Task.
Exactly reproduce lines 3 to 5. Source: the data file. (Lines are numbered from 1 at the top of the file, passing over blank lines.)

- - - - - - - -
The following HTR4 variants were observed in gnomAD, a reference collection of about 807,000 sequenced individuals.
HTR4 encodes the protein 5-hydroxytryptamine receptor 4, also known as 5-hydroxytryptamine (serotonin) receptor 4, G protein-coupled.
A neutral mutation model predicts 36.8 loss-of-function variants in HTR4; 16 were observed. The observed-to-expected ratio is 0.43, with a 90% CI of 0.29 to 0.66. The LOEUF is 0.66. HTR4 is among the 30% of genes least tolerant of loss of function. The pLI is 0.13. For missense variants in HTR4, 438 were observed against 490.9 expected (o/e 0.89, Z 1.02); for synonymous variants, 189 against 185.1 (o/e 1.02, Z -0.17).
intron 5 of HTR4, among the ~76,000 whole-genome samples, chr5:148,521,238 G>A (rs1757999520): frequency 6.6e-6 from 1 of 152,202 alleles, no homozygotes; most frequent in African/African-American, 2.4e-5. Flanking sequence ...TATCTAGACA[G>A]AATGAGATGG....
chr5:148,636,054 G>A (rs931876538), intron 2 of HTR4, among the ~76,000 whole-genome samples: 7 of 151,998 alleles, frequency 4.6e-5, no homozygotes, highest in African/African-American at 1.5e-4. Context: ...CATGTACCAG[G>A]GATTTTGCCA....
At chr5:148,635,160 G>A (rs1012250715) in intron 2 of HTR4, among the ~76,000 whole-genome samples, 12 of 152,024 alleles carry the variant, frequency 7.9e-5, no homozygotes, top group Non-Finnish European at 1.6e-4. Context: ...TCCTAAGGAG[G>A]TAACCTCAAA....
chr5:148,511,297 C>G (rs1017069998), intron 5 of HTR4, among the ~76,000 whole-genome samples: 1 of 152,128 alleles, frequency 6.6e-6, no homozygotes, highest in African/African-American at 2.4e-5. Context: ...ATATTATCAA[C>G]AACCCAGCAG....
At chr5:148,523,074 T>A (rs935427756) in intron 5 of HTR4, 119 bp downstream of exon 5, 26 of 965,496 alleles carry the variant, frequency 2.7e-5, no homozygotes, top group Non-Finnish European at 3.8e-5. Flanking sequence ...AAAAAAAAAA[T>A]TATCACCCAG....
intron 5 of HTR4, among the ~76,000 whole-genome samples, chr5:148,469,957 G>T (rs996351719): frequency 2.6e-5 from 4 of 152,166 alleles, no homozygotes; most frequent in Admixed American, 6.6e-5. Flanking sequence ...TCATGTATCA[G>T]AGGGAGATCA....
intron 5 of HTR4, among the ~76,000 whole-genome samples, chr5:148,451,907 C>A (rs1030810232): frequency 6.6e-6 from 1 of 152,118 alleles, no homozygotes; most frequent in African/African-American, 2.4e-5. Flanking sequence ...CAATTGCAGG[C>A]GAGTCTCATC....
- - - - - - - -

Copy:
A neutral mutation model predicts 36.8 loss-of-function variants in HTR4; 16 were observed. The observed-to-expected ratio is 0.43, with a 90% CI of 0.29 to 0.66. The LOEUF is 0.66. HTR4 is among the 30% of genes least tolerant of loss of function. The pLI is 0.13. For missense variants in HTR4, 438 were observed against 490.9 expected (o/e 0.89, Z 1.02); for synonymous variants, 189 against 185.1 (o/e 1.02, Z -0.17).
intron 5 of HTR4, among the ~76,000 whole-genome samples, chr5:148,521,238 G>A (rs1757999520): frequency 6.6e-6 from 1 of 152,202 alleles, no homozygotes; most frequent in African/African-American, 2.4e-5. Flanking sequence ...TATCTAGACA[G>A]AATGAGATGG....
chr5:148,636,054 G>A (rs931876538), intron 2 of HTR4, among the ~76,000 whole-genome samples: 7 of 151,998 alleles, frequency 4.6e-5, no homozygotes, highest in African/African-American at 1.5e-4. Context: ...CATGTACCAG[G>A]GATTTTGCCA....